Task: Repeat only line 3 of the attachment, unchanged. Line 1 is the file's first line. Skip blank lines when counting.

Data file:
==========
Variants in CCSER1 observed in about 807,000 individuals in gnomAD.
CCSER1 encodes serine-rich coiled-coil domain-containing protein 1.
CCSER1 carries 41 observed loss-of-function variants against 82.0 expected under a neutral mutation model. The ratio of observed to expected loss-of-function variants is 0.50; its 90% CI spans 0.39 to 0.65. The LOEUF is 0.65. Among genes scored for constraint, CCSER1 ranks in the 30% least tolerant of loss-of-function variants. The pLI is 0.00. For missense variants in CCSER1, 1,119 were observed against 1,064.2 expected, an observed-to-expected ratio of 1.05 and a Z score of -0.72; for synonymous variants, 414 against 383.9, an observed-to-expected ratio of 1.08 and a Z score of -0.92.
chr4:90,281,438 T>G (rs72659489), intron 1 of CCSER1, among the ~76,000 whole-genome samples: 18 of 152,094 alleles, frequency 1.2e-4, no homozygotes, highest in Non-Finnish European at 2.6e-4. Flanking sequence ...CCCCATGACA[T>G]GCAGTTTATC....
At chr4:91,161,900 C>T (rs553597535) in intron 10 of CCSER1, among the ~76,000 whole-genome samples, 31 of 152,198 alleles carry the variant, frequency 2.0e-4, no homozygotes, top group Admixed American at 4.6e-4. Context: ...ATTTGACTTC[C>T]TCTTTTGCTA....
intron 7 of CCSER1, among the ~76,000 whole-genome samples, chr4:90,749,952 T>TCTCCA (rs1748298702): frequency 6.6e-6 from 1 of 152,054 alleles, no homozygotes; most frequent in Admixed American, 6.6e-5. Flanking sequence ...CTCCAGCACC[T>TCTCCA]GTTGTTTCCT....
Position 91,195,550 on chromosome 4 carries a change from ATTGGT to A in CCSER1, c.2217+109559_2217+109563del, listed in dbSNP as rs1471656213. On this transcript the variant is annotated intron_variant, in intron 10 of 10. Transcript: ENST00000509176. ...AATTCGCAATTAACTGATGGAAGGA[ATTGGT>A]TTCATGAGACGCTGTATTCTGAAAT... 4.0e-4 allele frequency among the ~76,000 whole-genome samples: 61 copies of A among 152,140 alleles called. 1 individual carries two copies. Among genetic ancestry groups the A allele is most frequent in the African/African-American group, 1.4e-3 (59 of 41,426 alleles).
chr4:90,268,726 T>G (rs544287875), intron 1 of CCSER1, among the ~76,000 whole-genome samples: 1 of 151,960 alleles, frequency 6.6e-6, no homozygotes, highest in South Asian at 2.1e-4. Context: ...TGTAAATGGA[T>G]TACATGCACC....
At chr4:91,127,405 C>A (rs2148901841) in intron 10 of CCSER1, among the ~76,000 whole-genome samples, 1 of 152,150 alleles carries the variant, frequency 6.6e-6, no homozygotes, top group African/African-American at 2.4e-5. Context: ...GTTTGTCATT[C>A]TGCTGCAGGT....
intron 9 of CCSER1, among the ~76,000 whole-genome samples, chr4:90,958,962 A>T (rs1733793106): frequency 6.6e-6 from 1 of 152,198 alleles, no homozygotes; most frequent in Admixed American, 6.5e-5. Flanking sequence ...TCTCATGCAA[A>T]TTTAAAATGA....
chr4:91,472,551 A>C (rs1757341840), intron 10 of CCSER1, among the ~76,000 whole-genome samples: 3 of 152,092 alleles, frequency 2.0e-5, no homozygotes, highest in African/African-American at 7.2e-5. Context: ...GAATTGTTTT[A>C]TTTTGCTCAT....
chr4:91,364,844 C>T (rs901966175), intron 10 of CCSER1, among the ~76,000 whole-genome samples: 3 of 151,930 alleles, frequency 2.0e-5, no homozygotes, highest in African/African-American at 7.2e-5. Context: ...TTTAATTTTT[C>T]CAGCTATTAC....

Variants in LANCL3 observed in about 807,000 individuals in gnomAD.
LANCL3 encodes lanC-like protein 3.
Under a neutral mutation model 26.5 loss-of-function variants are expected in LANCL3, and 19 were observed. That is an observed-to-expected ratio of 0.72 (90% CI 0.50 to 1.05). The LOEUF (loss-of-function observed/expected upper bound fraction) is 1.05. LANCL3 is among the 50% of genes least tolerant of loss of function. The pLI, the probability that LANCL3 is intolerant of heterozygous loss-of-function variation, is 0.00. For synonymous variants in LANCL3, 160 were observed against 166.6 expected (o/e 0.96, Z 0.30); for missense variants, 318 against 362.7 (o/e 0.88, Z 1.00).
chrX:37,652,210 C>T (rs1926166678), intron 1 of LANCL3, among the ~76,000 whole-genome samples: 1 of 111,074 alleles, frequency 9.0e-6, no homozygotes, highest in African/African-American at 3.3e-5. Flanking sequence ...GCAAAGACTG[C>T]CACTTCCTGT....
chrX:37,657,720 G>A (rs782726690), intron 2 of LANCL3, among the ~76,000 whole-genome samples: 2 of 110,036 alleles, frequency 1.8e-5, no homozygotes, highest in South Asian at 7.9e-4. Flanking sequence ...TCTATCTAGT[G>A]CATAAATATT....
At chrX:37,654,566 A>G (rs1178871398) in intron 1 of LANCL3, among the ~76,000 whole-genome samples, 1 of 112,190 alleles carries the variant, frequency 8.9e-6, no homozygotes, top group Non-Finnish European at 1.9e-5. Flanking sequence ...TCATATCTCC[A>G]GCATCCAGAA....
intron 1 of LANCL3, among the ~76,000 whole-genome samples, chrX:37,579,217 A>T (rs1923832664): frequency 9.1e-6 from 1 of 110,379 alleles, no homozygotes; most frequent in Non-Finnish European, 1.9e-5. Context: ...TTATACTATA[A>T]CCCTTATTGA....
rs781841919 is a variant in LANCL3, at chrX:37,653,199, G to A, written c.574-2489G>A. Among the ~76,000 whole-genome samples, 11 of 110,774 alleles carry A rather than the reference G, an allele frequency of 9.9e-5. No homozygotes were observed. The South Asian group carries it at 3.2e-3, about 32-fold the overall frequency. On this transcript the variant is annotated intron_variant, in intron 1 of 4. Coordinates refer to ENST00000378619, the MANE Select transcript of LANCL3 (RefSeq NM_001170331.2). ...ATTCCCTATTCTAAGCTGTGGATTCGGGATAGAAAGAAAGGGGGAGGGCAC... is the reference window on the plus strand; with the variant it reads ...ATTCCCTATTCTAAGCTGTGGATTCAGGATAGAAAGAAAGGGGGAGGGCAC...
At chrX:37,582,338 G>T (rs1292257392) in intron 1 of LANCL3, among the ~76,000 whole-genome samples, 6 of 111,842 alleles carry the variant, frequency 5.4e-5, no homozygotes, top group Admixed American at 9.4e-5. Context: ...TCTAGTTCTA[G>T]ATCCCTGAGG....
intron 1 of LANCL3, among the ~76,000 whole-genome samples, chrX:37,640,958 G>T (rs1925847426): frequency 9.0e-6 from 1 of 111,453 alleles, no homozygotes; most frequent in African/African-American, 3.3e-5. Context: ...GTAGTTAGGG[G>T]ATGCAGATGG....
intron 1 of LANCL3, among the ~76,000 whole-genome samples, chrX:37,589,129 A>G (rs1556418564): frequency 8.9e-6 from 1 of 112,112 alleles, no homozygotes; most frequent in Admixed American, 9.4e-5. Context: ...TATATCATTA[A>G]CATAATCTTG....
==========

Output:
CCSER1 carries 41 observed loss-of-function variants against 82.0 expected under a neutral mutation model. The ratio of observed to expected loss-of-function variants is 0.50; its 90% CI spans 0.39 to 0.65. The LOEUF is 0.65. Among genes scored for constraint, CCSER1 ranks in the 30% least tolerant of loss-of-function variants. The pLI is 0.00. For missense variants in CCSER1, 1,119 were observed against 1,064.2 expected, an observed-to-expected ratio of 1.05 and a Z score of -0.72; for synonymous variants, 414 against 383.9, an observed-to-expected ratio of 1.08 and a Z score of -0.92.